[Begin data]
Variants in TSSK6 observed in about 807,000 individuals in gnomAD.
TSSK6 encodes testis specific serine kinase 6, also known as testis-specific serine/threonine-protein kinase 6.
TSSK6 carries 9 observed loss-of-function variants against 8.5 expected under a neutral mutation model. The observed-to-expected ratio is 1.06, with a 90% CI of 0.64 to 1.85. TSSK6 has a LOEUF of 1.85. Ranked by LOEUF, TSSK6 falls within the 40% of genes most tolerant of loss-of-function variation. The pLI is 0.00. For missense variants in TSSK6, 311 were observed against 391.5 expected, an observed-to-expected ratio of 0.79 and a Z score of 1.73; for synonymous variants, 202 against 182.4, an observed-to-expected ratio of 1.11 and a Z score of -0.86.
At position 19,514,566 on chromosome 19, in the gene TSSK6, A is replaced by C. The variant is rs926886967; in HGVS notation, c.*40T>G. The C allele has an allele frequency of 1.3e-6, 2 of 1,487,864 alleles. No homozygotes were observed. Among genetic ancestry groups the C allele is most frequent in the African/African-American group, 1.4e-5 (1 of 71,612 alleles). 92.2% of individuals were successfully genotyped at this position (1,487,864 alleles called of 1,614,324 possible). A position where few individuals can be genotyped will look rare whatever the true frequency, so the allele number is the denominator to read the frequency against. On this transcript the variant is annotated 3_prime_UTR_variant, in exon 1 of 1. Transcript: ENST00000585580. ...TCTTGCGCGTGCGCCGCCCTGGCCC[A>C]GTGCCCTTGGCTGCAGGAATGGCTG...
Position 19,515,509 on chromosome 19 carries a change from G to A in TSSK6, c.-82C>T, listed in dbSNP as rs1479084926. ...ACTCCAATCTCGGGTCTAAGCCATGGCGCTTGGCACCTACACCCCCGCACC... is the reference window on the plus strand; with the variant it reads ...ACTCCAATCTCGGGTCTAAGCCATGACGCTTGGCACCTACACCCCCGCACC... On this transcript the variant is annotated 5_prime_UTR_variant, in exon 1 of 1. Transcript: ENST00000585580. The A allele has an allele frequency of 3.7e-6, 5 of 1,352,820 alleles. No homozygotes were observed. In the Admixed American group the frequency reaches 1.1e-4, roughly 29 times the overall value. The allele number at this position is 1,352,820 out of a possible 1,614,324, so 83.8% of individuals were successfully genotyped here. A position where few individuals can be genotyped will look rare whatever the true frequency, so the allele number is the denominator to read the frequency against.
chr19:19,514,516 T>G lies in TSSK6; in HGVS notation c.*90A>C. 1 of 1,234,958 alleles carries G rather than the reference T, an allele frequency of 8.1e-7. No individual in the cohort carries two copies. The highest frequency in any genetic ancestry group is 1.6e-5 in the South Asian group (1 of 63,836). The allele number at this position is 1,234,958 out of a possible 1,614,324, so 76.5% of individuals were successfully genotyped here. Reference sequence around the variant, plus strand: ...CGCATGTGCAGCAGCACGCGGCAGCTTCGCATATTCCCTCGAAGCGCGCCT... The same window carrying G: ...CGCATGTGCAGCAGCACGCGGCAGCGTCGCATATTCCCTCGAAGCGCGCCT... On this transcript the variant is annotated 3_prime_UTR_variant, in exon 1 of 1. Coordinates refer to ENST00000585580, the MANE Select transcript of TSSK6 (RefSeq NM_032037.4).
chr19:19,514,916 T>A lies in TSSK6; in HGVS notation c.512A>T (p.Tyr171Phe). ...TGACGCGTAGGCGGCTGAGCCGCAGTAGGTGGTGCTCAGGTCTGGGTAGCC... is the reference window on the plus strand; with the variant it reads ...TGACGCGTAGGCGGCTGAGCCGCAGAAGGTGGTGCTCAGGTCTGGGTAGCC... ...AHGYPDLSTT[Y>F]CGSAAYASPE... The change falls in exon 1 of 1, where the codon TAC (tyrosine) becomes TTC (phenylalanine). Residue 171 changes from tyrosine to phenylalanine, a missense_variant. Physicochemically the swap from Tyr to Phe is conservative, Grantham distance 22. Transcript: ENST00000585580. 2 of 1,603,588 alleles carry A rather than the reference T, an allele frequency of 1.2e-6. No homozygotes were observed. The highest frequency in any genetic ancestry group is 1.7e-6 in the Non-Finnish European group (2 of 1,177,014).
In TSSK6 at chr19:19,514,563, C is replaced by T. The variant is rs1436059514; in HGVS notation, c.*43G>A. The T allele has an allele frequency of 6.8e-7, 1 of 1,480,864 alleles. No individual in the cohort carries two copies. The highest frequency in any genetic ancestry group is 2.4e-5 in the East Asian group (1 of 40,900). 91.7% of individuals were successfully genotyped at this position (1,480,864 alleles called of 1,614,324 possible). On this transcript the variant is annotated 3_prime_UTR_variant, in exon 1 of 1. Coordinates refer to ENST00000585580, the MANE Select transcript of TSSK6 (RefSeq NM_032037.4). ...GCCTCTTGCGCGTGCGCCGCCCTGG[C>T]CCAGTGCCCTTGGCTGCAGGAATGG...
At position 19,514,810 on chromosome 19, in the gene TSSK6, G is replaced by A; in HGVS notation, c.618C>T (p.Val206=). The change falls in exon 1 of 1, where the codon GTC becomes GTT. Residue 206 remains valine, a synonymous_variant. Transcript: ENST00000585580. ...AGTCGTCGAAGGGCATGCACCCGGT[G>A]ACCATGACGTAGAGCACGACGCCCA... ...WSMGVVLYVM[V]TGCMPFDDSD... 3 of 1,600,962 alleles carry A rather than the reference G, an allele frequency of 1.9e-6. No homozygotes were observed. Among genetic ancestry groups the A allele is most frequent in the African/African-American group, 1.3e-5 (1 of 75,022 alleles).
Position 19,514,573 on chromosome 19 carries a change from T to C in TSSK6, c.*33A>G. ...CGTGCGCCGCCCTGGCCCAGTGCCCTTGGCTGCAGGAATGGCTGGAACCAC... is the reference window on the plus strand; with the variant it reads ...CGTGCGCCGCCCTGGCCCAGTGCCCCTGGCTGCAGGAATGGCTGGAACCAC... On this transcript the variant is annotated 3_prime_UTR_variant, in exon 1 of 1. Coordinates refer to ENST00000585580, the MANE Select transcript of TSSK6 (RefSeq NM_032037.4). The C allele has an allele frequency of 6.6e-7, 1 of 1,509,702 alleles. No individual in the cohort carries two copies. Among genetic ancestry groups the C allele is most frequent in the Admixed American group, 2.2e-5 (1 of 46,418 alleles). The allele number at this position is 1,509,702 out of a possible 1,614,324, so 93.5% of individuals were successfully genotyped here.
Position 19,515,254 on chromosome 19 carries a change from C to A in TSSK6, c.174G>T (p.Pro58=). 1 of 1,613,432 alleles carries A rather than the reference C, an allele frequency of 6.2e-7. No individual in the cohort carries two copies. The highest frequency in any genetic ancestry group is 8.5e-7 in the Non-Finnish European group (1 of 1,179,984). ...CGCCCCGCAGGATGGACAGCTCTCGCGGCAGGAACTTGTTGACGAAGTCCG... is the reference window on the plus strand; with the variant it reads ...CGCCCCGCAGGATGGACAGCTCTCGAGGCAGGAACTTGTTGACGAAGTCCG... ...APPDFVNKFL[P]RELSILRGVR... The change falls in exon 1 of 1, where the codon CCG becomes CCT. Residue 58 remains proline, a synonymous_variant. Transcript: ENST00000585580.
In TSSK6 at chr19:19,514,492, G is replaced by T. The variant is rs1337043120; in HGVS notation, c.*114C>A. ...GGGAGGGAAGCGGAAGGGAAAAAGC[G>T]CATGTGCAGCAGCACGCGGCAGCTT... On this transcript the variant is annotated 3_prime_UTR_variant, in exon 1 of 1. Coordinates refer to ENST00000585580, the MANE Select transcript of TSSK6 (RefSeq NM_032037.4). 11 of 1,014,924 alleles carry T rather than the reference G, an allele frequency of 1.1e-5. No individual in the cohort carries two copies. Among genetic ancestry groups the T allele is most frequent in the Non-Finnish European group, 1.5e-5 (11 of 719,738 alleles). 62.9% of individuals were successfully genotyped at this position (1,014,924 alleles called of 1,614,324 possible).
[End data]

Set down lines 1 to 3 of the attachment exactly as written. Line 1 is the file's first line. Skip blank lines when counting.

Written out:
Variants in TSSK6 observed in about 807,000 individuals in gnomAD.
TSSK6 encodes testis specific serine kinase 6, also known as testis-specific serine/threonine-protein kinase 6.
TSSK6 carries 9 observed loss-of-function variants against 8.5 expected under a neutral mutation model. The observed-to-expected ratio is 1.06, with a 90% CI of 0.64 to 1.85. TSSK6 has a LOEUF of 1.85. Ranked by LOEUF, TSSK6 falls within the 40% of genes most tolerant of loss-of-function variation. The pLI is 0.00. For missense variants in TSSK6, 311 were observed against 391.5 expected, an observed-to-expected ratio of 0.79 and a Z score of 1.73; for synonymous variants, 202 against 182.4, an observed-to-expected ratio of 1.11 and a Z score of -0.86.